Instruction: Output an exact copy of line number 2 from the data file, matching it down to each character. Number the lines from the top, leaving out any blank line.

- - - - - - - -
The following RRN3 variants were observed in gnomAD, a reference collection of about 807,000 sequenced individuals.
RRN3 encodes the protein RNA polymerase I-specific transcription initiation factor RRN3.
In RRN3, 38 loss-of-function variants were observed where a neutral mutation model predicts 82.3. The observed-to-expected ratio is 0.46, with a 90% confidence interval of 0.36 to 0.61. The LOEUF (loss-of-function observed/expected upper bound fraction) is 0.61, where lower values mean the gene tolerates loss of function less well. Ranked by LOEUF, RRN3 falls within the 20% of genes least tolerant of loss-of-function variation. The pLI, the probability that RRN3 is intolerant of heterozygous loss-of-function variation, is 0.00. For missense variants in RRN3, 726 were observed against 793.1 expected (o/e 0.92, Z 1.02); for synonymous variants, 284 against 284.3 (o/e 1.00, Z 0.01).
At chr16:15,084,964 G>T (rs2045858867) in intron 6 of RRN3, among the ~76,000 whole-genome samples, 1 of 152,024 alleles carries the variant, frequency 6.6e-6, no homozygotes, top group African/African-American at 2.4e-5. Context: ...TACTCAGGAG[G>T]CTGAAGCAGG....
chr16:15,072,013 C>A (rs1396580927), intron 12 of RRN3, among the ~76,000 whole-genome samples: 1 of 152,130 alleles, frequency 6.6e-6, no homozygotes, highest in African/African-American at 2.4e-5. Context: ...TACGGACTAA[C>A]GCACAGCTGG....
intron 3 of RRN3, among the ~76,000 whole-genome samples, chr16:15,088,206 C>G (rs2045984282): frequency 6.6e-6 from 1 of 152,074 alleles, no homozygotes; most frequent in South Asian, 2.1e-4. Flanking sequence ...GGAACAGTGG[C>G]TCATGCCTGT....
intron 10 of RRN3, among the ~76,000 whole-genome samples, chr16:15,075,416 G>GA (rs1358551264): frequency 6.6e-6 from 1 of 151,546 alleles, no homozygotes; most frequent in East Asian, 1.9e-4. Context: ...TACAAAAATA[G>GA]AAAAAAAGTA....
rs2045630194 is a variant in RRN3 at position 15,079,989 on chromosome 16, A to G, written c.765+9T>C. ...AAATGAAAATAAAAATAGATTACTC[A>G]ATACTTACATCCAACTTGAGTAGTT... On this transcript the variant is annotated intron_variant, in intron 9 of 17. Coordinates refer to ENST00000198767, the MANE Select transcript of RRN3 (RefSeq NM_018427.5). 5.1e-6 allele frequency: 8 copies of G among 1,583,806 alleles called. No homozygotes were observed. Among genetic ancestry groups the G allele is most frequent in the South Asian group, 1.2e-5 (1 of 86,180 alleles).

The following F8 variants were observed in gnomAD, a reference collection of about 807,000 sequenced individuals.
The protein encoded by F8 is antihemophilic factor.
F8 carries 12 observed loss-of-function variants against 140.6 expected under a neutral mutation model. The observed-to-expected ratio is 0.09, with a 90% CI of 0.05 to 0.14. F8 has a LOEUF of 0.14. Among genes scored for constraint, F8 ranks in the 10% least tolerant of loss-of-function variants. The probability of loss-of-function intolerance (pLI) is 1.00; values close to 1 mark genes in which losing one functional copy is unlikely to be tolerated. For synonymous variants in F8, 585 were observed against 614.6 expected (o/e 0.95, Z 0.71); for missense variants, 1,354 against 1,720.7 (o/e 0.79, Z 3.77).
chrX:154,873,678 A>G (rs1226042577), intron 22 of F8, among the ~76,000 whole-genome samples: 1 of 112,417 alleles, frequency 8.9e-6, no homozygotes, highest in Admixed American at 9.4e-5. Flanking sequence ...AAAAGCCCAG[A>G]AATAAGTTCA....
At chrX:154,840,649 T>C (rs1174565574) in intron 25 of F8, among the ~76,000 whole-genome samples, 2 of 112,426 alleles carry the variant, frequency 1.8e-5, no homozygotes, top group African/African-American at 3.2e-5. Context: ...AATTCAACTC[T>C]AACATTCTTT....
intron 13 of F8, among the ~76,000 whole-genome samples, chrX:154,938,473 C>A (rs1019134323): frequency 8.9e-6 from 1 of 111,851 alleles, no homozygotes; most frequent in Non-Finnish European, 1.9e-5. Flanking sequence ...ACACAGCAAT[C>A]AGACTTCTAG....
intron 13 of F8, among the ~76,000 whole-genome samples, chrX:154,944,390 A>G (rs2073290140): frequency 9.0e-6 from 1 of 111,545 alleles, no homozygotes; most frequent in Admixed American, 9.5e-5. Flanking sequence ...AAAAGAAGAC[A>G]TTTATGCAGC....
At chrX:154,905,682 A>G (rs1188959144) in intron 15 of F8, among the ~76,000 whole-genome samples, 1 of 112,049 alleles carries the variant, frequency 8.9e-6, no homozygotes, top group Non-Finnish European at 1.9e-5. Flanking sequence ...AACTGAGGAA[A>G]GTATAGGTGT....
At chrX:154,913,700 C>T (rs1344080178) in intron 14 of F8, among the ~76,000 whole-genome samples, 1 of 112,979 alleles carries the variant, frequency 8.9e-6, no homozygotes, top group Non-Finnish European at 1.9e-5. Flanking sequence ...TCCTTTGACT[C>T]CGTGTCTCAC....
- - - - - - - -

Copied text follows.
RRN3 encodes the protein RNA polymerase I-specific transcription initiation factor RRN3.